The Bluecoats is a book I could have very easily overlooked, but since discovering it it’s become a firm favourite in our house. Set during the American Civil War, it’s the tale of cavalrymen Sergeant Chesterfield and Corporal Blutch and their escapades on and off the battlefield. In this current volume we’re taken back to the very beginning of their story and learn how a butcher’s boy and a barman become enlisted in the war.
Chesterfield is the butcher’s boy, running errands for his boss and avoiding his boss’s somewhat overbearing and ugly daughter who has taken a shine to him. Chesterfield finds signing up to fight appealing – the right thing to do – but his job and his mother’s opinions are keeping him in check. It’s only when marriage to the butcher’s daughter looks like it’s a certainty that Chesterfield finds himself in Blutch’s bar and the two of them end up drowning their sorrows. By the time recruiting officers roll in the pair are truly wasted on drink, something the officers take full advantage of, and it’s not until they’ve sobered up some time later upon the back of a cart that they realise the nature of their predicament.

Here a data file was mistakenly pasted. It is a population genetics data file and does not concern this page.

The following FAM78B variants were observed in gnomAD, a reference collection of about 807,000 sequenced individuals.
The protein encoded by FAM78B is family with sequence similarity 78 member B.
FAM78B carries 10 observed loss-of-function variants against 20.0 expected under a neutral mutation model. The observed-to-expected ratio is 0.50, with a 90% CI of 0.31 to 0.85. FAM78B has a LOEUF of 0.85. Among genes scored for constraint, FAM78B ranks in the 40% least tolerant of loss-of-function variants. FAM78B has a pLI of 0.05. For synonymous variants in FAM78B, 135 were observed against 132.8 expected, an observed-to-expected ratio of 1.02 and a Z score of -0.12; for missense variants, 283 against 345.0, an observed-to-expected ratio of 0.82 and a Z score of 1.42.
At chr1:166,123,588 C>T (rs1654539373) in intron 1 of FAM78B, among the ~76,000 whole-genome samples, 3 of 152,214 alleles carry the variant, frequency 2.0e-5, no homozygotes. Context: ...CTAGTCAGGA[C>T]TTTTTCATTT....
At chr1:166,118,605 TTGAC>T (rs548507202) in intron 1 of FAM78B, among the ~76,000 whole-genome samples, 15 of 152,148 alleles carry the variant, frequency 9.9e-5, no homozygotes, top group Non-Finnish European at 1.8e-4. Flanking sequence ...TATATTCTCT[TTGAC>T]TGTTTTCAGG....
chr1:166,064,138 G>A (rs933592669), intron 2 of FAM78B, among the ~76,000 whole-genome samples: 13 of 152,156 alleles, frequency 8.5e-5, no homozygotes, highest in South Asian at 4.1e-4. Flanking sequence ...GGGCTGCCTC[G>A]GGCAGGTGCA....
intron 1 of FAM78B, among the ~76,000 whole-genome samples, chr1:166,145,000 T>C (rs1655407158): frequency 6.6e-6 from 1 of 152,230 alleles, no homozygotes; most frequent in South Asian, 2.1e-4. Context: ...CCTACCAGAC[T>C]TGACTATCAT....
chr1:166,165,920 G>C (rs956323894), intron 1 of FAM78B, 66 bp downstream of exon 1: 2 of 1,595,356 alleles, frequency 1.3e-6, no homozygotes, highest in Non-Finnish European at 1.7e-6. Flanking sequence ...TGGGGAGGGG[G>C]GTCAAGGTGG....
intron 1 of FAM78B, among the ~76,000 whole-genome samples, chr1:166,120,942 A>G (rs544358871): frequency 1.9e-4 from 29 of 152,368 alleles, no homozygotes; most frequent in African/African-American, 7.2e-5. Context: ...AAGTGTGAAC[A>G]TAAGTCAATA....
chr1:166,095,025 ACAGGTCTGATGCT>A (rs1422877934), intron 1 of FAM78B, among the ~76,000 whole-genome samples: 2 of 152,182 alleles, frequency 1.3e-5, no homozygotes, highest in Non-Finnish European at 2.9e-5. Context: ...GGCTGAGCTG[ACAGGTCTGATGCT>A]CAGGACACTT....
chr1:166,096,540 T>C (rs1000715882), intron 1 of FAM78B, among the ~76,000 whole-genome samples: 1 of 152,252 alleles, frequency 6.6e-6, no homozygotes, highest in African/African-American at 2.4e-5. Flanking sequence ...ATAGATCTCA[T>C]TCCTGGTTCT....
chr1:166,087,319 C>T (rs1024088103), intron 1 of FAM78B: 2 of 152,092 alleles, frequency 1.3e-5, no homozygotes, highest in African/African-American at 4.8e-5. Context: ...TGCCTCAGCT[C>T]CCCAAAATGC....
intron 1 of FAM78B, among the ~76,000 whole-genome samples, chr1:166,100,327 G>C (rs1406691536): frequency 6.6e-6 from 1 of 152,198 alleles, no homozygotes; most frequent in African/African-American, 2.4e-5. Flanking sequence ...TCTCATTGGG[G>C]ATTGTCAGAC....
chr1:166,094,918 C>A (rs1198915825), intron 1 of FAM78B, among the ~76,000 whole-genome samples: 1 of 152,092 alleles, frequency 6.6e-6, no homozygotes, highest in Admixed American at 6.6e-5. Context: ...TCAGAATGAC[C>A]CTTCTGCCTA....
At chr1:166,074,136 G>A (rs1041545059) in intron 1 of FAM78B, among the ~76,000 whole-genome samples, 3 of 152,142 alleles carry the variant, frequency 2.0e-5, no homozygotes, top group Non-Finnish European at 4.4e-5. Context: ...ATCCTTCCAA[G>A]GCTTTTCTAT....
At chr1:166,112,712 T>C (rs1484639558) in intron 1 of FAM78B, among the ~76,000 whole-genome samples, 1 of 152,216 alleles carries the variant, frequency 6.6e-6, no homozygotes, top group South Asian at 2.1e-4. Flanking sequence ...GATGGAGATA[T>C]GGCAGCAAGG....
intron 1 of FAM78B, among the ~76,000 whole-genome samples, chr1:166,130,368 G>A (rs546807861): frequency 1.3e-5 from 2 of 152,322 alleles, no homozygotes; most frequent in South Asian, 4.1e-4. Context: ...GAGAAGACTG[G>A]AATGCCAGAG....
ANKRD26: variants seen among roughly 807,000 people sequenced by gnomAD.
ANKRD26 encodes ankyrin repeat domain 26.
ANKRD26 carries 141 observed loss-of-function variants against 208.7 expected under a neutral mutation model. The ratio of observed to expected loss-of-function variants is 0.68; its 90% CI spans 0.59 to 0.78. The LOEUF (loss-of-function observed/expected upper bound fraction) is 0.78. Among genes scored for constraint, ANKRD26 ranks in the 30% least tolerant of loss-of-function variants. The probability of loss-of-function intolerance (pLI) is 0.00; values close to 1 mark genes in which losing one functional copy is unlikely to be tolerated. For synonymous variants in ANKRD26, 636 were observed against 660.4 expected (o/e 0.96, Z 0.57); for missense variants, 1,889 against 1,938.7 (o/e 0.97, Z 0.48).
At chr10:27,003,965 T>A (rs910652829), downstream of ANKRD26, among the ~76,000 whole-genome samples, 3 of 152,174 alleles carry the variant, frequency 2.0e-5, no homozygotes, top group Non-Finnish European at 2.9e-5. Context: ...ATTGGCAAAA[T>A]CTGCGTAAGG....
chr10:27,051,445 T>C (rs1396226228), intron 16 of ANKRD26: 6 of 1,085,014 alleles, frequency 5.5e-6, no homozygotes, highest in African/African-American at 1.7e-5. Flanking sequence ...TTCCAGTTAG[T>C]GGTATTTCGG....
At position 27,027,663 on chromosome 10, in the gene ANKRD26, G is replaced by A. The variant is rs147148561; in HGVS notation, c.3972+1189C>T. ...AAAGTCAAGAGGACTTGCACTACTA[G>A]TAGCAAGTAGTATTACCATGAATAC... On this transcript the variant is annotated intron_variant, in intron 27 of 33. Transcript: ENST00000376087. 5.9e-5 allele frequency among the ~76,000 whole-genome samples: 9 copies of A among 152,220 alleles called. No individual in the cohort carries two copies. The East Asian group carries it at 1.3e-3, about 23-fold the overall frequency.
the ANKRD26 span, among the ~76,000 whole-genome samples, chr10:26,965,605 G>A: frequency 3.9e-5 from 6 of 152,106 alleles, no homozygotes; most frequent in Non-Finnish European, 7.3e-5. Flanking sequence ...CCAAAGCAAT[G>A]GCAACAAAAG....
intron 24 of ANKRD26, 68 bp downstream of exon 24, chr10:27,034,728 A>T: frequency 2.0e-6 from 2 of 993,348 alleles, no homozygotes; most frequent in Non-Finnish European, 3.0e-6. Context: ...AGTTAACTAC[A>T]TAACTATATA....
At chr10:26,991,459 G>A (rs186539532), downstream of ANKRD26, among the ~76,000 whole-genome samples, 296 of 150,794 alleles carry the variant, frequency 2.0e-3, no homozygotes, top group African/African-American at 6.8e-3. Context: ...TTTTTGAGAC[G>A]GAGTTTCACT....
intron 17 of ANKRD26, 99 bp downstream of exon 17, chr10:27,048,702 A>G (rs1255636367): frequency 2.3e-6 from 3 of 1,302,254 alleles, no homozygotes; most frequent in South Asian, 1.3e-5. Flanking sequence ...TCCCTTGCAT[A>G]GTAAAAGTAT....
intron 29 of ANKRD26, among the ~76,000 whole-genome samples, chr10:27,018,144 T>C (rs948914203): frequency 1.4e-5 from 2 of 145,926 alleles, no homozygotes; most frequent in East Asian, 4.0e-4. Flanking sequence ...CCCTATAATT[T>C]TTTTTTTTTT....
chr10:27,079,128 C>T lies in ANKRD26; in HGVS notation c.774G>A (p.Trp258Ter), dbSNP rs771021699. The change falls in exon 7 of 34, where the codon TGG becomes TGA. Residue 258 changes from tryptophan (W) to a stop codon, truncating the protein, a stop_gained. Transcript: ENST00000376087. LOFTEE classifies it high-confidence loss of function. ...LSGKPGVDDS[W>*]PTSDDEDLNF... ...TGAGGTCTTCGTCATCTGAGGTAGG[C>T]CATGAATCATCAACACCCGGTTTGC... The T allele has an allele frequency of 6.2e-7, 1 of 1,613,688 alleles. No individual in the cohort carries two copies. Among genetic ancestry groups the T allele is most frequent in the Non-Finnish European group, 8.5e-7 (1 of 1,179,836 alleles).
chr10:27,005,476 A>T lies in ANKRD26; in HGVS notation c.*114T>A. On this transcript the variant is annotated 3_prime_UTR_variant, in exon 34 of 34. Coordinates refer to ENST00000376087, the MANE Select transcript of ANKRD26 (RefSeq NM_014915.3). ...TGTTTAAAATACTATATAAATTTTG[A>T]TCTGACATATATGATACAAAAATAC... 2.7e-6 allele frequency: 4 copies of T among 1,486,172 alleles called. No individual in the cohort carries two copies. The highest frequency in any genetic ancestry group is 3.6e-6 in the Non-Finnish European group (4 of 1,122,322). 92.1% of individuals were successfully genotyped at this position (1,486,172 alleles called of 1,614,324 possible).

Although this isn’t played for laughs to the same degree as Lucky Luke, it’s still a funny book, and like Lucky Luke much of the plots are drawn for historical fact, so what you end up with is a slightly grittier comic tale that’s not afraid, now and then, to probe the darker side of war. It doesn’t overstep the line, but it definitely touches upon the starker realities at times, shaping the books’ unique narrative voice. There’s parody, sarcasm and slapstick in here to soften the tone, so it ends up being a solidly entertaining, and sometimes educational, read for both kids and adults. I for one would love to see them in school libraries.
If you’ve not read a Bluecoats book before then this is a good place to start as it offers a nice introduction to the characters and to the wider conflict.
And if you liked that: Volume 9, El Padre, is on its way soon